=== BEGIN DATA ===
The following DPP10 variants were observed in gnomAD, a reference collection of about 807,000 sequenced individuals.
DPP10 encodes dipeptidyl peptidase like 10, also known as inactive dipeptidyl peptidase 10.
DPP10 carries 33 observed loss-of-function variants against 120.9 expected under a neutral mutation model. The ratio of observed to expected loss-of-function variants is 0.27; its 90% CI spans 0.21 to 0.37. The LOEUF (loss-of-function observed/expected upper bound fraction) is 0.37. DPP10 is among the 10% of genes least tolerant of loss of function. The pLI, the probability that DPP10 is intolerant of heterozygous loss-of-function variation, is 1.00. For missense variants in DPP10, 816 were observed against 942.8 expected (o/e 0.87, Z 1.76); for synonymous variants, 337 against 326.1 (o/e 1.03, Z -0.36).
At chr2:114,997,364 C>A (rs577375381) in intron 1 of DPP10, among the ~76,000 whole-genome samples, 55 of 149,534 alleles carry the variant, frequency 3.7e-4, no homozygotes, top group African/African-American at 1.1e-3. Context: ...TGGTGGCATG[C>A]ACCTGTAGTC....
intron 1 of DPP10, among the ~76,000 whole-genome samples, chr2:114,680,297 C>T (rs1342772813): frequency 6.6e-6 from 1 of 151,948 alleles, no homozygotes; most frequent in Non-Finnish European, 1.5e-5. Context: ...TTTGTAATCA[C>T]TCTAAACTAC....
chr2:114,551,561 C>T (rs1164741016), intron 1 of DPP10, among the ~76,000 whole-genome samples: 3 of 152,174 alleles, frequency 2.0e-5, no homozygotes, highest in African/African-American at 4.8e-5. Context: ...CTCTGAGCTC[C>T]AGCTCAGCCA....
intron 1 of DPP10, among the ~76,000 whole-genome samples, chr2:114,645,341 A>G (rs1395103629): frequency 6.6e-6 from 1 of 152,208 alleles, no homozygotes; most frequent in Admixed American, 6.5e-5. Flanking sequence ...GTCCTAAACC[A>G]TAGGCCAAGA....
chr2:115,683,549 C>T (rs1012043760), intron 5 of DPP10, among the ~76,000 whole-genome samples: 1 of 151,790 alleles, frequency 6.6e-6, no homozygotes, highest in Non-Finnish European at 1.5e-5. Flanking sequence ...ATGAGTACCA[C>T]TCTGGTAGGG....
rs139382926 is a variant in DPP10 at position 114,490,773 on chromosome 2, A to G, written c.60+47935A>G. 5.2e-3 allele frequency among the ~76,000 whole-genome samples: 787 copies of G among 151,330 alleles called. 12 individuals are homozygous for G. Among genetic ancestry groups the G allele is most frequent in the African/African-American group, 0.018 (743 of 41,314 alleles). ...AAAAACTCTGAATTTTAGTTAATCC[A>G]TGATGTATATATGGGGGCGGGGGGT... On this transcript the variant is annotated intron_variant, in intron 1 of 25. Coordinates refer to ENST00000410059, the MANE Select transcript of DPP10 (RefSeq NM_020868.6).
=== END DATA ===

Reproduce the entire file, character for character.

The following DPP10 variants were observed in gnomAD, a reference collection of about 807,000 sequenced individuals.
DPP10 encodes dipeptidyl peptidase like 10, also known as inactive dipeptidyl peptidase 10.
DPP10 carries 33 observed loss-of-function variants against 120.9 expected under a neutral mutation model. The ratio of observed to expected loss-of-function variants is 0.27; its 90% CI spans 0.21 to 0.37. The LOEUF (loss-of-function observed/expected upper bound fraction) is 0.37. DPP10 is among the 10% of genes least tolerant of loss of function. The pLI, the probability that DPP10 is intolerant of heterozygous loss-of-function variation, is 1.00. For missense variants in DPP10, 816 were observed against 942.8 expected (o/e 0.87, Z 1.76); for synonymous variants, 337 against 326.1 (o/e 1.03, Z -0.36).
At chr2:114,997,364 C>A (rs577375381) in intron 1 of DPP10, among the ~76,000 whole-genome samples, 55 of 149,534 alleles carry the variant, frequency 3.7e-4, no homozygotes, top group African/African-American at 1.1e-3. Context: ...TGGTGGCATG[C>A]ACCTGTAGTC....
intron 1 of DPP10, among the ~76,000 whole-genome samples, chr2:114,680,297 C>T (rs1342772813): frequency 6.6e-6 from 1 of 151,948 alleles, no homozygotes; most frequent in Non-Finnish European, 1.5e-5. Context: ...TTTGTAATCA[C>T]TCTAAACTAC....
chr2:114,551,561 C>T (rs1164741016), intron 1 of DPP10, among the ~76,000 whole-genome samples: 3 of 152,174 alleles, frequency 2.0e-5, no homozygotes, highest in African/African-American at 4.8e-5. Context: ...CTCTGAGCTC[C>T]AGCTCAGCCA....
intron 1 of DPP10, among the ~76,000 whole-genome samples, chr2:114,645,341 A>G (rs1395103629): frequency 6.6e-6 from 1 of 152,208 alleles, no homozygotes; most frequent in Admixed American, 6.5e-5. Flanking sequence ...GTCCTAAACC[A>G]TAGGCCAAGA....
chr2:115,683,549 C>T (rs1012043760), intron 5 of DPP10, among the ~76,000 whole-genome samples: 1 of 151,790 alleles, frequency 6.6e-6, no homozygotes, highest in Non-Finnish European at 1.5e-5. Flanking sequence ...ATGAGTACCA[C>T]TCTGGTAGGG....
rs139382926 is a variant in DPP10 at position 114,490,773 on chromosome 2, A to G, written c.60+47935A>G. 5.2e-3 allele frequency among the ~76,000 whole-genome samples: 787 copies of G among 151,330 alleles called. 12 individuals are homozygous for G. Among genetic ancestry groups the G allele is most frequent in the African/African-American group, 0.018 (743 of 41,314 alleles). ...AAAAACTCTGAATTTTAGTTAATCC[A>G]TGATGTATATATGGGGGCGGGGGGT... On this transcript the variant is annotated intron_variant, in intron 1 of 25. Coordinates refer to ENST00000410059, the MANE Select transcript of DPP10 (RefSeq NM_020868.6).